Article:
1 Sep 2016

Rutgers Residence Hall Warns Students Against ‘Microassaults,’ ‘Microinsults’ & ‘Microinvalidations’

By Michael Krieger: Just when you thought you had a handle on the treasonous thought-police infractions known as microagressions, folks at Rutgers University had to go ahead and further muddy the waters of what is and isn’t allowed to be uttered on today’s college campuses.
Since I know you’re all dying to find out, let’s turn to Campus Reform to learn about the latest verbal (and nonverbal) transgressions: “microassaults,” “microinsults’ & “microinvalidations”:
Students in at least one Rutgers University residence hall are being encouraged to use only language that is “helpful” and “necessary” to avoid committing microaggressions.

The display, photos of which were obtained by Campus Reform, is titled “Language Matters: Think,” and was placed in the College Avenue Apartments by a resident assistant, according to a current resident of the building who does not wish to be identified.
Erected as part of the university’s “Language Matters” campaign, the bulletin board instructs students to ask themselves whether their choice of words is “true,” “helpful,” “inspiring,” “necessary,” and “kind” before speaking out, and also includes a list of potentially-offensive terms, such as “retarded” and “illegal aliens.”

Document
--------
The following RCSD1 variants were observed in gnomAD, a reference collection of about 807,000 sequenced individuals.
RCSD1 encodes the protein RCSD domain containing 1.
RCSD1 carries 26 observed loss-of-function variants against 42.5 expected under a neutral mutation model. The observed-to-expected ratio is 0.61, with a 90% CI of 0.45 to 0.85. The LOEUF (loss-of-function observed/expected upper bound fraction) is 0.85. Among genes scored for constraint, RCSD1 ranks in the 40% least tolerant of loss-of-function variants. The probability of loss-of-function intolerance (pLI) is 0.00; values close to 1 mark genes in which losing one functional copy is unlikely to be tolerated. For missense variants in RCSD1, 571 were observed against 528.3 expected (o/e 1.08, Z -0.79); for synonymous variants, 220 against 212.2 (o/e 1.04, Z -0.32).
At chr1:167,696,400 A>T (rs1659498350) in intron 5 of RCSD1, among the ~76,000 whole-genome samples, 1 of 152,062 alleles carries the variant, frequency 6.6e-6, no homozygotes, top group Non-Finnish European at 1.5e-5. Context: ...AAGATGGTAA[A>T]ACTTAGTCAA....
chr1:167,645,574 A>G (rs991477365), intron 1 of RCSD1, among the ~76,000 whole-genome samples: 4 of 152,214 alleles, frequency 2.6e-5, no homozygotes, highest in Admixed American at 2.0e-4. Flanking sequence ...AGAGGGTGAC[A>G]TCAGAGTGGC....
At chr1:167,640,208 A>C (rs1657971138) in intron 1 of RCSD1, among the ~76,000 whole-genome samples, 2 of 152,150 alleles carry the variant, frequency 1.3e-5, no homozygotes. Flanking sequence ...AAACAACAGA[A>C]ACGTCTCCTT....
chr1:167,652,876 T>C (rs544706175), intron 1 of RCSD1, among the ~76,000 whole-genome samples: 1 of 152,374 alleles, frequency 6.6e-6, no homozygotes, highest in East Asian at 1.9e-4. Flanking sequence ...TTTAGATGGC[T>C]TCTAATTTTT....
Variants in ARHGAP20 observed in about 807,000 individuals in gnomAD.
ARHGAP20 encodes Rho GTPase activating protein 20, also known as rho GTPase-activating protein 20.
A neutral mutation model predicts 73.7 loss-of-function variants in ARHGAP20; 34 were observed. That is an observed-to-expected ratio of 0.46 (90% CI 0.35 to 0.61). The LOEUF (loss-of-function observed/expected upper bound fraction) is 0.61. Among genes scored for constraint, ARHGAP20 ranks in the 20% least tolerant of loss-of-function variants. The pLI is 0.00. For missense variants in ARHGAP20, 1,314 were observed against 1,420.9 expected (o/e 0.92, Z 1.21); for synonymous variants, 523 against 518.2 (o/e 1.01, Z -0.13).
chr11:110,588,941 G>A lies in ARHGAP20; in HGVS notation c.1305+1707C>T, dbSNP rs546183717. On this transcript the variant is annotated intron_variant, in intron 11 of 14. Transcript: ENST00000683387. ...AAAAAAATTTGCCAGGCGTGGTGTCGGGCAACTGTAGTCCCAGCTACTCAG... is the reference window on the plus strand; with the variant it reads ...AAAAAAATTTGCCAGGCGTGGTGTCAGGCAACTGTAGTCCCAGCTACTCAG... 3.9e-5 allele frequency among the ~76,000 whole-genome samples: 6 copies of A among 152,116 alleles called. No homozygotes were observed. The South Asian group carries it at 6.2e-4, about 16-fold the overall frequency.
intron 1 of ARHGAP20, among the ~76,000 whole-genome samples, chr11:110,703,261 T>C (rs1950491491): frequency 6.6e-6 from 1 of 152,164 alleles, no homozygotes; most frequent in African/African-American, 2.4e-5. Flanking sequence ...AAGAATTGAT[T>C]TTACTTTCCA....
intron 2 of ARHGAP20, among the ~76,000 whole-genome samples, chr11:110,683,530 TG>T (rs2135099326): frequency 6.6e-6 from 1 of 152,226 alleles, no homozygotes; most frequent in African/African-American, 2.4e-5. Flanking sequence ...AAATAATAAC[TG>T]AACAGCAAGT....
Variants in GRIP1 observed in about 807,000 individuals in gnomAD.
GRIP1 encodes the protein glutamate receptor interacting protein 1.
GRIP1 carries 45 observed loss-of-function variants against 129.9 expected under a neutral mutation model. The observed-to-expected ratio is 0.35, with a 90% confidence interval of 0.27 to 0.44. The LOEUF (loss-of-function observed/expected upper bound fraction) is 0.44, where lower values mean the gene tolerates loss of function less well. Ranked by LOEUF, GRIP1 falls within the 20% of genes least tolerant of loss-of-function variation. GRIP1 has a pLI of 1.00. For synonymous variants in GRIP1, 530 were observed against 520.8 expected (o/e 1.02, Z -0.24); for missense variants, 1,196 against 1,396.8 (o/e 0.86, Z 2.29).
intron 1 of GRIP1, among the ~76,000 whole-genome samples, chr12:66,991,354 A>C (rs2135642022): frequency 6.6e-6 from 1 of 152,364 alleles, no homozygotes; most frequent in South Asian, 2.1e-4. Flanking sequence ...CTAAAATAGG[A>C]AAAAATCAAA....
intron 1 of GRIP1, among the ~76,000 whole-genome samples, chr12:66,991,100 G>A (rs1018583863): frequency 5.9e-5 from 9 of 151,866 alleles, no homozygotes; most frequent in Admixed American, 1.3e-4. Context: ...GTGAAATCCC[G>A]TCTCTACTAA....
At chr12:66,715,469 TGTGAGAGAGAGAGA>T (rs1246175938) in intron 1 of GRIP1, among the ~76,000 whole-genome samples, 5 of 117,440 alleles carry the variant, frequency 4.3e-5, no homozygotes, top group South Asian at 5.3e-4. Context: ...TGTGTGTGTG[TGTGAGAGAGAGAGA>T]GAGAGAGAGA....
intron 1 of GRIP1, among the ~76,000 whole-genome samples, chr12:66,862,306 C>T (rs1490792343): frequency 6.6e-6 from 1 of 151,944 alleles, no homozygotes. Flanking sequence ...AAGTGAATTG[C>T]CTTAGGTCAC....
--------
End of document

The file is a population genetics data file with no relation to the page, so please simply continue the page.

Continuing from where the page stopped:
These kids are going to be in for a rude awakening, as well as possible multiple nervous breakdowns, when they enter the real world (was that a microagression, micro insult, or microassault? I’m so confused).
The board warns students that failing to follow these guidelines could lead them to commit a microaggression, which include “microassaults,” “microinsults,” and “microinvalidations.”
The “Language Matters” website includes a presentation similar in nature to the flyer, outlining the “big impact” of “little things” and providing examples of the three types of microaggressions.
A microassault may include “avoiding someone,” for instance, while an example of a microinsult is telling someone they are strong for a girl. A microinvalidation, meanwhile, could involve asking an Asian or Latino person where they are from.
Simply avoiding offensive language, however, is not enough according to Rutgers, which claims that microaggressions can also be “nonverbal” and “environmental,” but fails to elaborate further.
Meanwhile, let’s take a closer look at the bulletin itself. This appears to me to be more akin to how you’d communicate with preschool kids, as opposed to young adults.
Screen Shot 2016-09-01 at 9.29.45 AM
Of course, it isn’t at all surprising that this emerged from Rutgers. Recall what we learned in last year’s post, Rutgers University Warns Students – “There is No Such Thing as Free Speech”:
Rutgers University students, you are being watched.
That appears to be the message a Rutgers.edu web page would like the campus community to absorb. The web page is maintained by the Bias Prevention & Education Committee, which chillingly warns students that there is “no such thing as ‘free’ speech,” and to “think before you speak.”
In Liberty (am I still allowed to say that?),
Michael Krieger

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